During the final descent of the lunar module, Armstrong and Aldrin found themselves being taken straight into a boulder strewn field on the lunar surface by the automatic landing system. Armstrong quickly took manual control of the lunar module and landed it in a relatively flat part of the moon that would become famous as Tranquility Base. But that and a pair of computer glitches that occurred around the same time could have resulted in tragedy rather than triumph.

The movie is based on a speech that writer William Safire had written for President Richard Nixon in the event of a moon disaster. The speech, perhaps the best Safire ever wrote, was a heartfelt salute to the fallen astronauts as well as a vow that men would follow in their footsteps. It ended with, “Fate has ordained that the men who went to the moon to explore in peace will stay on the moon to rest in peace.”"

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+ - Draper Labs develops low cost probe to orbit, land on Europa for NASA->

Submitted by MarkWhittington
MarkWhittington (1084047) writes "Ever since the House passed a NASA spending bill that allocated $100 million for a probe to Jupiter’s moon Europa, the space agency has been attempting to find a way to do such a mission on the cheap. The trick is that the mission has to cost less than $1 billion, a tall order for anything headed to the Outer Planets. According to a Wednesday story in the Atlantic, some researchers at Draper Labs have come up with a cheap way to do a Europa orbiter and land instruments on its icy surface.

The first stage is to orbit a cubesat, a tiny, coffee can sized satellite that would contain two highly accurate accelerometers that would go into orbit around Europa and measure its gravity field. In this way the location of Europa’s subsurface oceans would be mapped. Indeed it is possible that the probe might find an opening through the ice crust to the ocean, warmed it is thought by tidal forces.

The second stage is to deploy even smaller probes called chipsats, tiny devices that contain sensors, a microchip, and an antenna. Hundreds of these probes, the size of human fingernails, would float down on Europa’s atmosphere to be scattered about its surface. While some might be lost, enough will land over a wide enough area to do an extensive chemical analysis of the surface of Europa, which would then be transmitted to the cubesat mothership and then beamed to Earth."

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+ - Elon Musk's Solar City makes manufacturing capacity play with Silevo acquisition->

Submitted by MarkWhittington
MarkWhittington (1084047) writes "Elon Musk is well known as a private space flight entrepreneur, thanks to his space launch company SpaceX. He is also a purveyor of high end electric cars manufactured by his other company, Tesla Motors. But many people do not know that Musk has a third business, Solar City, which is a manufacturer of solar panels. Tuesday that company announced a major play to increase the output of solar panels suitable for home solar units.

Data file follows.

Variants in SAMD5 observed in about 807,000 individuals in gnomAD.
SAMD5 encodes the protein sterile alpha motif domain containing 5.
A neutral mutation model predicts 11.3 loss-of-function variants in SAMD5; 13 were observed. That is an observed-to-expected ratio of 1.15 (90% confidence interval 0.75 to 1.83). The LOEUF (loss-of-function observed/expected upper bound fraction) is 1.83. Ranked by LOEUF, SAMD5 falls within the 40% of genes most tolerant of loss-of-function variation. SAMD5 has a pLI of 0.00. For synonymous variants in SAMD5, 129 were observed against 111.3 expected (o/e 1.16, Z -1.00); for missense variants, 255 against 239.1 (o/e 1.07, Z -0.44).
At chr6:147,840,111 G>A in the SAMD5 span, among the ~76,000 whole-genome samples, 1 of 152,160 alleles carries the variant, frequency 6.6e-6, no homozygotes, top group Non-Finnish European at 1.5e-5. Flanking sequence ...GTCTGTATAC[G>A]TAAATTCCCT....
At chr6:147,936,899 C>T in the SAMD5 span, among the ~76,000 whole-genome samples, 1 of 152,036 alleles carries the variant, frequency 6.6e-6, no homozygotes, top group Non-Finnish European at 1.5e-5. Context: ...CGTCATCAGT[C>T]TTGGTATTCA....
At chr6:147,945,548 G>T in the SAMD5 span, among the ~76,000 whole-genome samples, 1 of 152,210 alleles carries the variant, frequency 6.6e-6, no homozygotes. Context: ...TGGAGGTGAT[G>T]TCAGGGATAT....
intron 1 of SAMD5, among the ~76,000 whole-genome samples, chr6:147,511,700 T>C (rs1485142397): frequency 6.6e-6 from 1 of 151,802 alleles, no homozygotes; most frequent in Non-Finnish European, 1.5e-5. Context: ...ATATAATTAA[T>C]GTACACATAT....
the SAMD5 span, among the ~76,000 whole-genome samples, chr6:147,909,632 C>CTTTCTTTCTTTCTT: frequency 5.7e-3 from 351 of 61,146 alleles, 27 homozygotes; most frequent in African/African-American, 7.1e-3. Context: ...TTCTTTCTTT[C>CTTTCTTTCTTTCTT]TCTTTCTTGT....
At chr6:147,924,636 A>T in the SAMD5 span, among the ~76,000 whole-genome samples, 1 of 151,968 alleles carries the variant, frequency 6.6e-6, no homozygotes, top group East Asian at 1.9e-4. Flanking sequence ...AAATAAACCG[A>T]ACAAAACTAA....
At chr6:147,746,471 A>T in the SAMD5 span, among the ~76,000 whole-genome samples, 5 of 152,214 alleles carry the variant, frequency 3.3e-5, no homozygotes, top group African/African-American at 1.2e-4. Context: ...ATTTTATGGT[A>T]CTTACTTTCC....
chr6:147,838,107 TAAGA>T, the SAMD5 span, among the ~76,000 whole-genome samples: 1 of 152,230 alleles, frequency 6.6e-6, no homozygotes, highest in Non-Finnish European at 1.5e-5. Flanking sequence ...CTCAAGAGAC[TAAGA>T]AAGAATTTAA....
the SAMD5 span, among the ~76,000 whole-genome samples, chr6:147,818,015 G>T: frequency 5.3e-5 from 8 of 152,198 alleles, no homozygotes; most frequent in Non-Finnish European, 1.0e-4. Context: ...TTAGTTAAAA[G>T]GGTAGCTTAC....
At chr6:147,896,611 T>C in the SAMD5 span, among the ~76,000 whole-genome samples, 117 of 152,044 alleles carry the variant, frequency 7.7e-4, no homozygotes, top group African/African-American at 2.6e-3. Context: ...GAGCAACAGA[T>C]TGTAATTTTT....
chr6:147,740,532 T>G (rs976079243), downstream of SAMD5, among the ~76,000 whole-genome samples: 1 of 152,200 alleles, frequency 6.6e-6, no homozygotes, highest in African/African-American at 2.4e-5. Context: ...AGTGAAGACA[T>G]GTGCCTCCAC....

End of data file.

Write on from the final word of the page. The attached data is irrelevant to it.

Solar City has acquired a company called Silevo, which is said to have a line of solar panels that have demonstrated high electricity output and low cost. Silevo claims that its panels have achieved a 22 percent efficiency and are well on their way to achieving 24 percent efficiency. It suggests that 10 cents per watt is saved for every point of efficiency gained.

Solar City, using the technology it has acquired from Silevo, intends to build a manufacturing plant in upstate New York with a one gigawatt per year capacity. This will only be the beginning as it intends to build future manufacturing plants with orders of magnitude capacity. The goal appears to be for the company to become the biggest manufacturer of solar panels in the world."

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+ - Russian RD-180 embargo could be shot in the arm for American rocket engine firm->

Submitted by MarkWhittington
MarkWhittington (1084047) writes "According to a Saturday story in the Los Angeles Times, the recent revival of tensions between the United States and Russia, not seen since the end of the Cold War, may provide a shot in the arm for the American rocket engine industry. Due in part in retaliation for economic sanctions that were enacted in response to Russian aggression in the Ukraine, Russia announced that it would no longer sell its own RD-180 rocket engines for American military launches. This has had American aerospace experts scrambling to find a replacement.